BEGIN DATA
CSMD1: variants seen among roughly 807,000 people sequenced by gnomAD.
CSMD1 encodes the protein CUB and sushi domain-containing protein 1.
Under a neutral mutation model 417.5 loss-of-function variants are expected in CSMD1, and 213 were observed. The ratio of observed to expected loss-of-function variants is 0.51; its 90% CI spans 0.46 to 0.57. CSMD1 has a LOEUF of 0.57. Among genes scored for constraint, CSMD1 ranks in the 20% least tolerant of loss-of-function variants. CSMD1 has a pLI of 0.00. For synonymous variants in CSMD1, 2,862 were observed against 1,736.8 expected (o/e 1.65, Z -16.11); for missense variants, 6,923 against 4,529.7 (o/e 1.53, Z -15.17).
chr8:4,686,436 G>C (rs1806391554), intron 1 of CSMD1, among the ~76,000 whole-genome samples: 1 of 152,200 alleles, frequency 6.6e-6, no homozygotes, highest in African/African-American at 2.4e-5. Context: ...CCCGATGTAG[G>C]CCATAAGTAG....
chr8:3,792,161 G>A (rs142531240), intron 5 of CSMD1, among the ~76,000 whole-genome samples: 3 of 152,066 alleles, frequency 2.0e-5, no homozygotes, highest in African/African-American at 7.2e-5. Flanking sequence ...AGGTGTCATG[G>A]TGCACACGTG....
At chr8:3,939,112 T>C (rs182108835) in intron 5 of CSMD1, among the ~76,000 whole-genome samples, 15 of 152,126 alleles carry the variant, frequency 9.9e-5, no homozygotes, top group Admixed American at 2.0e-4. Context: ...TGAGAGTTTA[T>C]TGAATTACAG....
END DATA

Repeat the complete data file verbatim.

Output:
CSMD1: variants seen among roughly 807,000 people sequenced by gnomAD.
CSMD1 encodes the protein CUB and sushi domain-containing protein 1.
Under a neutral mutation model 417.5 loss-of-function variants are expected in CSMD1, and 213 were observed. The ratio of observed to expected loss-of-function variants is 0.51; its 90% CI spans 0.46 to 0.57. CSMD1 has a LOEUF of 0.57. Among genes scored for constraint, CSMD1 ranks in the 20% least tolerant of loss-of-function variants. CSMD1 has a pLI of 0.00. For synonymous variants in CSMD1, 2,862 were observed against 1,736.8 expected (o/e 1.65, Z -16.11); for missense variants, 6,923 against 4,529.7 (o/e 1.53, Z -15.17).
chr8:4,686,436 G>C (rs1806391554), intron 1 of CSMD1, among the ~76,000 whole-genome samples: 1 of 152,200 alleles, frequency 6.6e-6, no homozygotes, highest in African/African-American at 2.4e-5. Context: ...CCCGATGTAG[G>C]CCATAAGTAG....
chr8:3,792,161 G>A (rs142531240), intron 5 of CSMD1, among the ~76,000 whole-genome samples: 3 of 152,066 alleles, frequency 2.0e-5, no homozygotes, highest in African/African-American at 7.2e-5. Flanking sequence ...AGGTGTCATG[G>A]TGCACACGTG....
At chr8:3,939,112 T>C (rs182108835) in intron 5 of CSMD1, among the ~76,000 whole-genome samples, 15 of 152,126 alleles carry the variant, frequency 9.9e-5, no homozygotes, top group Admixed American at 2.0e-4. Context: ...TGAGAGTTTA[T>C]TGAATTACAG....